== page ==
There is a Pattern of Criminalization Against Indigenous Defenders in Chiapas: International Organizations

Avispa Midia


In Chiapas, there is a trend of criminalization against indigenous defenders involved in the defense of their territories, the environment, autonomy and self-determination of their communities.

This is what was identified by international human rights organizations, who during the last days of March visited the state, located in southern Mexico, to document the situation of risk and violence experienced by indigenous defenders, organizations and communities.

“This pattern is evidenced in the growing number of cases of fabricated crimes and in violations of due process that have a strong impact on community organization and the struggle for collective rights,” say the organizations Indigenous Peoples Rights International (IPRI) and Front Line Defenders (FLD).

The organizations highlight the use of the criminal justice system against defenders and communities that have opposed the militarization of their territories. This is the case of Manuel Santiz Cruz from the community of San Juan Cancuc; of César Hernández and José Luis Gutiérrez from the ejido of San Sebastián Bachajón in Chilón (who are awaiting their next hearing on April 24), of Cristóbal Santiz from Aldama, and in the case of the recent investigations against defenders in the community of Taniperla in Ocosingo.

They also point out the high risk posed to defenders by agrarian and territorial conflicts not addressed by the authorities, which continue to perpetuate the decomposition of the social fabric of the communities. “This has been aggravated by the current situation of land dispossession in the context of militarization of the region and the dispute for territorial control and the imposition of economic activities by organized crime groups,” they said in a joint statement.

They also emphasize that, despite the fact that the defenders have denounced serious threats and attacks due to their work, the omission of the different levels of government has led to an escalation of aggression and an increase in violence. This is the case of the murder of the defender Simón Pedro Pérez, former president of the board of directors of the Civil Society Las Abejas de Acteal; as well as the violence that resulted in the displacement of 25 people from the community of Nueva Palestina in Ocosingo.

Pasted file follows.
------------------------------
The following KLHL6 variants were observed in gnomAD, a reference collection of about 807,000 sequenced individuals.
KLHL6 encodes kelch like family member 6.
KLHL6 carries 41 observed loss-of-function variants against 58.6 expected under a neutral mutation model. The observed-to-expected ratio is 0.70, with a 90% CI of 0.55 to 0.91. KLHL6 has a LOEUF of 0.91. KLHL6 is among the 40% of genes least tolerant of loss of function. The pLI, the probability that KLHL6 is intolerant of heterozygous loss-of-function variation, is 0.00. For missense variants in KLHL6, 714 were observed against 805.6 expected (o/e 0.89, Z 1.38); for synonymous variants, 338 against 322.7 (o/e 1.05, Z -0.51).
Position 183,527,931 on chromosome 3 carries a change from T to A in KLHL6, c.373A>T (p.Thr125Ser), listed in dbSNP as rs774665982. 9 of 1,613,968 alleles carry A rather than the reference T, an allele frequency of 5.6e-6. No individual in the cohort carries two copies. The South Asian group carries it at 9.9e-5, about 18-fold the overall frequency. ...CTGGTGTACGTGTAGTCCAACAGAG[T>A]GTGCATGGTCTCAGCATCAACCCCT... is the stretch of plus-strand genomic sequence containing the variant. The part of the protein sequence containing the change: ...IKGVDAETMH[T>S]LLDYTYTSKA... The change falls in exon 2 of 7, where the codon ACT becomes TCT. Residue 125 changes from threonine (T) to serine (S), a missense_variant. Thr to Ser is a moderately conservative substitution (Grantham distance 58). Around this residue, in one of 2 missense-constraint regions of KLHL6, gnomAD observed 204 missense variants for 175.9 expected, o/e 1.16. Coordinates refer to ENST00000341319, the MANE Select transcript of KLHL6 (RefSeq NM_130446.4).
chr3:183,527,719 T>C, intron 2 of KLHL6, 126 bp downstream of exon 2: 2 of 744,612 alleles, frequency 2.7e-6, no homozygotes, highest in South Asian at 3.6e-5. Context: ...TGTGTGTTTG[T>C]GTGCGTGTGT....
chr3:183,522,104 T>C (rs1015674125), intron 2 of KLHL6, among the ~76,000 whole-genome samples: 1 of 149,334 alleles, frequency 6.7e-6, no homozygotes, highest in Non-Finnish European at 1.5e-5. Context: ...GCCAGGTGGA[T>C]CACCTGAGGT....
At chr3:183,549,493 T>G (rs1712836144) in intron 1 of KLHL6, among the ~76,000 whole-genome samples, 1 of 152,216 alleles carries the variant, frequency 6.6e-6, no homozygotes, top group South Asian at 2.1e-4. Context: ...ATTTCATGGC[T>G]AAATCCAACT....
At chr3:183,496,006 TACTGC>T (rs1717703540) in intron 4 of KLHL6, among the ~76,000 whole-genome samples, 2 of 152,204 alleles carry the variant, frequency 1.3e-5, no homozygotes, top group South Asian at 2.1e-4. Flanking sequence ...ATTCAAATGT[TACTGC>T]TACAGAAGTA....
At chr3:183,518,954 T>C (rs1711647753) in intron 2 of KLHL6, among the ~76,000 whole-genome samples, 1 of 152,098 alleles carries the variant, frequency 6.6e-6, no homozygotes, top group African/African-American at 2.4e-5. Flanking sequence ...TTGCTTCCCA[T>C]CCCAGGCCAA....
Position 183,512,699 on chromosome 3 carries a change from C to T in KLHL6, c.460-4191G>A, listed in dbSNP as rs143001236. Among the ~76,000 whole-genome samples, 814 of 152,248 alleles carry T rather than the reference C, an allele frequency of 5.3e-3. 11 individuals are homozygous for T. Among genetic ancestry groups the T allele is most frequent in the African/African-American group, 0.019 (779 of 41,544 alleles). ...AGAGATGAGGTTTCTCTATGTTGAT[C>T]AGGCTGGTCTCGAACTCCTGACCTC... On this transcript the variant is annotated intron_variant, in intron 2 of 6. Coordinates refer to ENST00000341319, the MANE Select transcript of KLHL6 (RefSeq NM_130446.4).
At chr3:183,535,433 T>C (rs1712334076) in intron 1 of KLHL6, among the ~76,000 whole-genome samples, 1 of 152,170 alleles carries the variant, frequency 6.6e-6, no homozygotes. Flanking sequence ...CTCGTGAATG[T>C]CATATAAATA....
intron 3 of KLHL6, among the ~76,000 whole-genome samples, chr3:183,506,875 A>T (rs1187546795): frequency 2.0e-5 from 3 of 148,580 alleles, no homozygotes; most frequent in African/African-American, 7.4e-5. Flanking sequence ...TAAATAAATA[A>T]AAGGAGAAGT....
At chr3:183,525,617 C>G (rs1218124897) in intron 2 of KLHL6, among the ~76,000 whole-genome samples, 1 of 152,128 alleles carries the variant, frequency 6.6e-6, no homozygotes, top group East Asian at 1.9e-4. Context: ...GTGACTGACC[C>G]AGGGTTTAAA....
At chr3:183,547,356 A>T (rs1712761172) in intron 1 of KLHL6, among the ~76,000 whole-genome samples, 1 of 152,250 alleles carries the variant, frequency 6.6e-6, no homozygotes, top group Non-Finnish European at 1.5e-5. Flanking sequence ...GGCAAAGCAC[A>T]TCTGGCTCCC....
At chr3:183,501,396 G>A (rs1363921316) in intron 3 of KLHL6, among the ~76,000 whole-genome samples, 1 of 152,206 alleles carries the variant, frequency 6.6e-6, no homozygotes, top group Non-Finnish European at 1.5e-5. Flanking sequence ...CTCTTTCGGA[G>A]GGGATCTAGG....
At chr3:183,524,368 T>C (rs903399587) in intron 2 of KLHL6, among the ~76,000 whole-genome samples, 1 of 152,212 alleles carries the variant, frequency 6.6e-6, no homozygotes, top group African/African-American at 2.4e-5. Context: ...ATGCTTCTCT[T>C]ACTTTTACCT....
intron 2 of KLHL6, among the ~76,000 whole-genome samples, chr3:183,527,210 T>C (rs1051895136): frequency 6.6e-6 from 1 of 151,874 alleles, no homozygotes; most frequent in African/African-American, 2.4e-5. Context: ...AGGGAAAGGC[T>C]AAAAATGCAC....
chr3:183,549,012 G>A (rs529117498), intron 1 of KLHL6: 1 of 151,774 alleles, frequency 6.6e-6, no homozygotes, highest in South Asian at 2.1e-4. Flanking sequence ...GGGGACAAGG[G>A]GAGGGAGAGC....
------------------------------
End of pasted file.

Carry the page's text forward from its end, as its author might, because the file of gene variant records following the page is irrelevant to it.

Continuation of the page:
According to the organizations, this is happening in a context of proliferation and diversification of armed groups, which has worsened a complex situation inherited from the paramilitary context of the 1990s and the continued impunity connected to this phenomenon.

The organizations compiled testimonies evidencing the link between state and municipal authorities and organized crime, which generates favorable conditions for impunity to prevail.

“Adding to this crisis is what we identify as a pattern in the delay and postponement of hearings in cases linked to human rights defenders, both in the process of seeking justice, such as the case of the murder of the defender Simón Pedro Pérez López, or in the process of criminalization of human rights defenders, as in the case of Manuel Santiz Cruz from the community of San Juan Cancuc.”

Finally, they point out their concern about the context of stigmatization and campaigns of delegitimization against the human rights work of indigenous human rights defenders, a situation that increases the risk of violence given that state government institutions do not recognize their work. “This is particularly evident in the sentence handed down on March 31 in the murder of human rights defender Simón Pedro, in which his work in defense of human rights was never included in the investigation or in the resolution as part of the motive for the homicide,” the organizations indicate.

Original text:
English translation by Schools for Chiapas.

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